Medesthetics

MAY-JUN 2014

MedEsthetics—business education for medical practitioners—provides the latest noninvasive cosmetic procedures, treatment trends, product and equipment reviews, legal issues and medical aesthetics industry news.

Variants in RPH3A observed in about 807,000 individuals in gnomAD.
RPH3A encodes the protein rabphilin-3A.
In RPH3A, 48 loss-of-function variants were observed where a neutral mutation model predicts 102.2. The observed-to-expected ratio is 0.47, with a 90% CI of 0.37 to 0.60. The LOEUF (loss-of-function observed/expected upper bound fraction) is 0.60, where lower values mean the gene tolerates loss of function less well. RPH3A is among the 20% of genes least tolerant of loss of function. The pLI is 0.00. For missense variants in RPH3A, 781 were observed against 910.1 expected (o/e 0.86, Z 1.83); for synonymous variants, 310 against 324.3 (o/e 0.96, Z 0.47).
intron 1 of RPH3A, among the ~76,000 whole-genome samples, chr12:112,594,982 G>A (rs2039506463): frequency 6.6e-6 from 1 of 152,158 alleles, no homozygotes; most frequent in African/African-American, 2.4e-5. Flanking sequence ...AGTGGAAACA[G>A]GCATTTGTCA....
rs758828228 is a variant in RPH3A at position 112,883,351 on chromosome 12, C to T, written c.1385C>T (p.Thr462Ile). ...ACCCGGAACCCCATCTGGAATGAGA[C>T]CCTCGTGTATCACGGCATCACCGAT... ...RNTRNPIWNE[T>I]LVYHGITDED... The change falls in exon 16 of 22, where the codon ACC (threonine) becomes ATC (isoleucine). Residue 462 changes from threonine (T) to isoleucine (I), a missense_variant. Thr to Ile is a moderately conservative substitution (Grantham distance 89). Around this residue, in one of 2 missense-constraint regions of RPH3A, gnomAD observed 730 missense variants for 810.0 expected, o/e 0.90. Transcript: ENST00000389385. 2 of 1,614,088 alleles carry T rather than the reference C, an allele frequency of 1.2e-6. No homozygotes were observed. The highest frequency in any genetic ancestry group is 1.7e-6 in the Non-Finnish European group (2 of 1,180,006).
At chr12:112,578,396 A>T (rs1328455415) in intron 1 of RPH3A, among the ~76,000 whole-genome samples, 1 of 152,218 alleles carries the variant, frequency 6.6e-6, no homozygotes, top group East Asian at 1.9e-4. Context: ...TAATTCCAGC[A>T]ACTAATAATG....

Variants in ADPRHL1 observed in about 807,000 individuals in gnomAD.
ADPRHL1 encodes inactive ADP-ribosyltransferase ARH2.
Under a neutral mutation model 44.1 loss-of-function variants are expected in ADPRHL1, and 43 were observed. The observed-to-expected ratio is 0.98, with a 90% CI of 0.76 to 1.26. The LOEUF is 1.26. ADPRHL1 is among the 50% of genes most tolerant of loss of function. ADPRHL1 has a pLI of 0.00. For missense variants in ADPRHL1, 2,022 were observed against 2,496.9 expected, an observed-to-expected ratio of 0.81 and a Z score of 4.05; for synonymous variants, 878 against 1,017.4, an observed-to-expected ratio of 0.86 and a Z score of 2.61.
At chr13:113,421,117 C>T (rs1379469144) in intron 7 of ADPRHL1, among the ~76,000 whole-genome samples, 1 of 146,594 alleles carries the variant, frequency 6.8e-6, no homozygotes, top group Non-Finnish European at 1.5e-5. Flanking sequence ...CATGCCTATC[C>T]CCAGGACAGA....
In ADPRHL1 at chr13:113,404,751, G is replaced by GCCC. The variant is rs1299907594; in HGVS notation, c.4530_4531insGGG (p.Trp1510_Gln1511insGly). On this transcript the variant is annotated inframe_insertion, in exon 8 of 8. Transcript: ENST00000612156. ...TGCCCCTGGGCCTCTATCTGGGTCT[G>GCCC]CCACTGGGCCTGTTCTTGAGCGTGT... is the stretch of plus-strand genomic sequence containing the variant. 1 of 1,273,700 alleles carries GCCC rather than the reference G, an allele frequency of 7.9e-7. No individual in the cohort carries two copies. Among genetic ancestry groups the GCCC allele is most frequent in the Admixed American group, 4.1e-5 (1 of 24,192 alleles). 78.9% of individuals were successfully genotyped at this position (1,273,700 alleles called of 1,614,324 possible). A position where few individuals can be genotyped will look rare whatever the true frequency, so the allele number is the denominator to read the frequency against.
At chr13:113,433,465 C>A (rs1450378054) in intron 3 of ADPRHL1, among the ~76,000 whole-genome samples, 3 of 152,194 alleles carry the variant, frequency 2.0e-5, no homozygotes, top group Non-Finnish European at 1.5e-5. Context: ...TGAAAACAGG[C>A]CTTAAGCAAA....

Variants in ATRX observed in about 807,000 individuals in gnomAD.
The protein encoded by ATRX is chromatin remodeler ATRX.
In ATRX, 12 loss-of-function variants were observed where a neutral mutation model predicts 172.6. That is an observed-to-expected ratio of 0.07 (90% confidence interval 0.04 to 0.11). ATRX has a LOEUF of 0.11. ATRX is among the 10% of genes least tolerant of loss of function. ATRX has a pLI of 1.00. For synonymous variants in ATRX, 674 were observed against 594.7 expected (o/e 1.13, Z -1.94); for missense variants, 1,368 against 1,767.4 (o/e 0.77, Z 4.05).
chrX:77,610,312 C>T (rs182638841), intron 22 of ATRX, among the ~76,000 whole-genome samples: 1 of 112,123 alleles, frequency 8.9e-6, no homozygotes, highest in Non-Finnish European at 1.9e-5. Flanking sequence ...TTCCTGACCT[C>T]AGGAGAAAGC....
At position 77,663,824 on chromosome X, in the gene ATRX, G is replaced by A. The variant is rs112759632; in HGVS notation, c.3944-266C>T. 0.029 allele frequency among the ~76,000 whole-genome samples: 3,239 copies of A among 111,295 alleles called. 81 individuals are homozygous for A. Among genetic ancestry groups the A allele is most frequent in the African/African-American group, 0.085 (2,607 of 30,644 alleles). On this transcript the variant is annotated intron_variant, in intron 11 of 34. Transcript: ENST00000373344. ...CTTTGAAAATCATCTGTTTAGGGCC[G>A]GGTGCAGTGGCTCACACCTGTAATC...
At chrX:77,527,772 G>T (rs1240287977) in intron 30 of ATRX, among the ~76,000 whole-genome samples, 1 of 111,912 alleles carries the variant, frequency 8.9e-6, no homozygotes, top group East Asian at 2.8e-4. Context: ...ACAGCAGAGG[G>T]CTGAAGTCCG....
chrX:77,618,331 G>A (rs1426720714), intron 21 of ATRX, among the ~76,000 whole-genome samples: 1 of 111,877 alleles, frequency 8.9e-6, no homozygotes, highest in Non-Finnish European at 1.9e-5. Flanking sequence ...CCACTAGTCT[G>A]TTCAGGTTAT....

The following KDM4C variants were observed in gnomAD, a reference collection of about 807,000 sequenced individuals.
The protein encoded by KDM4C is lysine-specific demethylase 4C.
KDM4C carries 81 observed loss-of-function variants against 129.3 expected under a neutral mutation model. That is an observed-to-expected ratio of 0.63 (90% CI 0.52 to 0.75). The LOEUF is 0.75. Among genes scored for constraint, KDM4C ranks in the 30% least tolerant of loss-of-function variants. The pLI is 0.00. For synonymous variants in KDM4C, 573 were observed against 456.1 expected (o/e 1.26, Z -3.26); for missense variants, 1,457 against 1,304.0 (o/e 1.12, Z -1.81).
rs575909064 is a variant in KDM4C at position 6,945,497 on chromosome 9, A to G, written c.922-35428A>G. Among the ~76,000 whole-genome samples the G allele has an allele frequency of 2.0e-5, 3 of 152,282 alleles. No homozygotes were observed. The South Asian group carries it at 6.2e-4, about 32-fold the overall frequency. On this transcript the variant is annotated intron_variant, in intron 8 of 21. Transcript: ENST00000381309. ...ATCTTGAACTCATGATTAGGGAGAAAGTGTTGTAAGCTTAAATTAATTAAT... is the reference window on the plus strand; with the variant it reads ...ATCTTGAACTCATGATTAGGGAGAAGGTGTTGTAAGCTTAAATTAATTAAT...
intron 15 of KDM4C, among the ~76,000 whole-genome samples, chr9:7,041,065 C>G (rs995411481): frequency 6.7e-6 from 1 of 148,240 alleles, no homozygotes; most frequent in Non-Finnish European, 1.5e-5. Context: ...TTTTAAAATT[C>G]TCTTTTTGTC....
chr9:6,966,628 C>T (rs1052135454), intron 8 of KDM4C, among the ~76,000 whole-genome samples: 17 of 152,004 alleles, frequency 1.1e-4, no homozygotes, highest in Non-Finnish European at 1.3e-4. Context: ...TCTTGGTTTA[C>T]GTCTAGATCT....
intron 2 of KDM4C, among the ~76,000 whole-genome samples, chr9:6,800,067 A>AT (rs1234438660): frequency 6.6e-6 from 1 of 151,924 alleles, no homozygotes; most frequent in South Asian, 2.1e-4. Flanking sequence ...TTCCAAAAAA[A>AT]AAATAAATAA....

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68 MAY/JUNE 2014 | Med Esthetics The practice also uses an imaging system at all points of patient care, from evaluation to postprocedure and follow-up. "We take pictures of pretty much every- thing," he says. "We want patients to come back and look at [the images], and see their improvement." Imaging systems have become essential for his clinical trials department as well. "A lot of clinical tri- als in cosmetic procedures these days require really high-grade photography," Dr. Munavalli says. "Sometimes it's 3D photography, so we utilize that for the services as well. We're pretty big on having it available at the bedside, so our images can be transferred easily onto tablets and other hand- held devices. The best way to tell a story is through a series of images that show patients going from day 1 to day 2 to day 3. No matter how you describe it to patients, pictures really paint the perfect scenario." He advises fellow physicians embarking on their fi rst practice to "have decent space. You'll grow into your space pretty quickly, so don't think too small." He also believes that in order to keep up with the changing face of cosmetic medicine, physi- cians will benefi t from having as much diversity as possible. "If you want to be a jack of all trades, you have to be a master of all of them," he says. "You can't do things half-way. So if you want to pursue additional training, do it before you get started. Once you get started, if you want to pick up a new skill, visit your colleagues, make use of your contacts, make use of all the continuing education that you can." It was his own pursuit of a more diverse practice that led Dr. Munavalli to take ownership of Dermatology, Laser & Vein Specialists of The Carolinas almost a de- cade ago. Something that he hadn't planned on when he was practicing in Maryland. "You just never know where an opportunity is going to arise," he recalls. "I happened to be working at a previous practice and a gentleman came to visit and observe for the day, and we hit it off. He was doing some things that I was inter- ested in, and I decided to help out on the weekends. After spending almost a weekend per month at the practice for over a year and a half, I decided to make a move down here." His move back to North Carolina coincided with his parents' relocation to the same area, "so it was a very easy decision," he says. At the time, the practice was primarily focused on skin cancer and general dermatology. Although he would continue to maintain that focus, he decided to broaden the practice's scope. A shift that, he recalls, was not an easy one to make. "The practice was known for one thing, so getting out there was a combination of making services available, going door to door to let people know what we do, doing targeted marketing in the community as well as a lot of direct in-house marketing," he explains. He found radio to be a particularly strong medium for advertising and PR, as well as local TV. "And getting out in the community, do- ing a lot of screenings, letting people see what services you offer—that was important to us," he says. These efforts paid off in word of mouth referrals, the value of which is not lost on Dr. Munavalli, who prides himself on always "treating each patient as if they're going to bring you the next fi ve patients." Stacy Gueraseva is a Los Angeles-based freelance writer. SOUTHERN COMFORT "You just never know where an opportunity is going to arise." Dr. Munavalli took over an existing medical dermatology practice and grew it by adding a wide range of aesthetic treatments. © MITCHELL KEARNEY S o u t h e r n C o m f o r t M E D 5 - 6 1 4 . i n d d 6 8 Southern Comfort MED5-614.indd 68 4 / 1 6 / 1 4 4 : 5 2 P M 4/16/14 4:52 PM

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